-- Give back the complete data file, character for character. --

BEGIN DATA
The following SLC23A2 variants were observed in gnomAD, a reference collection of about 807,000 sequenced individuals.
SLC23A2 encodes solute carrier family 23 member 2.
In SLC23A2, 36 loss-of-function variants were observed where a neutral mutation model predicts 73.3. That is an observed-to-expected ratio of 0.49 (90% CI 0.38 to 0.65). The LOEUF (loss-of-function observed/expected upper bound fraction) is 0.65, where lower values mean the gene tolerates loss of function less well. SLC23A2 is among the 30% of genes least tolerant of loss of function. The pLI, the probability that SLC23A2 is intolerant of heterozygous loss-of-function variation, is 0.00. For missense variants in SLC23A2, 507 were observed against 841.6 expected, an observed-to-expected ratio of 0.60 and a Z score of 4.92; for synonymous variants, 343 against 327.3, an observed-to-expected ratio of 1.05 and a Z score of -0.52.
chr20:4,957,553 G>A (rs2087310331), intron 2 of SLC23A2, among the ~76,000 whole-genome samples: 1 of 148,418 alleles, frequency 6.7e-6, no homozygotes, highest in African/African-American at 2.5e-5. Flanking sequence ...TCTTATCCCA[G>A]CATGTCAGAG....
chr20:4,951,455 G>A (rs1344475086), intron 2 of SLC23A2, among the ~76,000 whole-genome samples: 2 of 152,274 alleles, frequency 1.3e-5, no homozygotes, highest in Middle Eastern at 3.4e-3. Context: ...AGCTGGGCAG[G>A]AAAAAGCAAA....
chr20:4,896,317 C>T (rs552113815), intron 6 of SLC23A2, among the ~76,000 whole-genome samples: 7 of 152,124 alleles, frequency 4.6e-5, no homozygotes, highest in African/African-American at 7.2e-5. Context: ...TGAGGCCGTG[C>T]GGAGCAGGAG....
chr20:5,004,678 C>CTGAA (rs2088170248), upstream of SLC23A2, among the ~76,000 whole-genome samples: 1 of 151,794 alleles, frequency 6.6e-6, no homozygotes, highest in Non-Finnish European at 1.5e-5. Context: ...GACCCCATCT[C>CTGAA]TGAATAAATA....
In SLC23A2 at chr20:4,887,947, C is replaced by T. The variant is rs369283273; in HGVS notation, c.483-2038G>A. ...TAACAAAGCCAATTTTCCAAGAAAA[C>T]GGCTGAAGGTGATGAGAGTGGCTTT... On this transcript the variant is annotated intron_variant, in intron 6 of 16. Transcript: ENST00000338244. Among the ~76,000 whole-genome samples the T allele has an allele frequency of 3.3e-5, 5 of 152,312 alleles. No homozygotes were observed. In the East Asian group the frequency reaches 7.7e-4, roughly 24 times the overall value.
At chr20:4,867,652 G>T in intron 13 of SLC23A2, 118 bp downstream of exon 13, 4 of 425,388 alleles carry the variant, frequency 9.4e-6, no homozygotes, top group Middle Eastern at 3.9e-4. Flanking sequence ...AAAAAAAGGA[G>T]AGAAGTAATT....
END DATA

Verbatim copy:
The following SLC23A2 variants were observed in gnomAD, a reference collection of about 807,000 sequenced individuals.
SLC23A2 encodes solute carrier family 23 member 2.
In SLC23A2, 36 loss-of-function variants were observed where a neutral mutation model predicts 73.3. That is an observed-to-expected ratio of 0.49 (90% CI 0.38 to 0.65). The LOEUF (loss-of-function observed/expected upper bound fraction) is 0.65, where lower values mean the gene tolerates loss of function less well. SLC23A2 is among the 30% of genes least tolerant of loss of function. The pLI, the probability that SLC23A2 is intolerant of heterozygous loss-of-function variation, is 0.00. For missense variants in SLC23A2, 507 were observed against 841.6 expected, an observed-to-expected ratio of 0.60 and a Z score of 4.92; for synonymous variants, 343 against 327.3, an observed-to-expected ratio of 1.05 and a Z score of -0.52.
chr20:4,957,553 G>A (rs2087310331), intron 2 of SLC23A2, among the ~76,000 whole-genome samples: 1 of 148,418 alleles, frequency 6.7e-6, no homozygotes, highest in African/African-American at 2.5e-5. Flanking sequence ...TCTTATCCCA[G>A]CATGTCAGAG....
chr20:4,951,455 G>A (rs1344475086), intron 2 of SLC23A2, among the ~76,000 whole-genome samples: 2 of 152,274 alleles, frequency 1.3e-5, no homozygotes, highest in Middle Eastern at 3.4e-3. Context: ...AGCTGGGCAG[G>A]AAAAAGCAAA....
chr20:4,896,317 C>T (rs552113815), intron 6 of SLC23A2, among the ~76,000 whole-genome samples: 7 of 152,124 alleles, frequency 4.6e-5, no homozygotes, highest in African/African-American at 7.2e-5. Context: ...TGAGGCCGTG[C>T]GGAGCAGGAG....
chr20:5,004,678 C>CTGAA (rs2088170248), upstream of SLC23A2, among the ~76,000 whole-genome samples: 1 of 151,794 alleles, frequency 6.6e-6, no homozygotes, highest in Non-Finnish European at 1.5e-5. Context: ...GACCCCATCT[C>CTGAA]TGAATAAATA....
In SLC23A2 at chr20:4,887,947, C is replaced by T. The variant is rs369283273; in HGVS notation, c.483-2038G>A. ...TAACAAAGCCAATTTTCCAAGAAAA[C>T]GGCTGAAGGTGATGAGAGTGGCTTT... On this transcript the variant is annotated intron_variant, in intron 6 of 16. Transcript: ENST00000338244. Among the ~76,000 whole-genome samples the T allele has an allele frequency of 3.3e-5, 5 of 152,312 alleles. No homozygotes were observed. In the East Asian group the frequency reaches 7.7e-4, roughly 24 times the overall value.
At chr20:4,867,652 G>T in intron 13 of SLC23A2, 118 bp downstream of exon 13, 4 of 425,388 alleles carry the variant, frequency 9.4e-6, no homozygotes, top group Middle Eastern at 3.9e-4. Flanking sequence ...AAAAAAAGGA[G>T]AGAAGTAATT....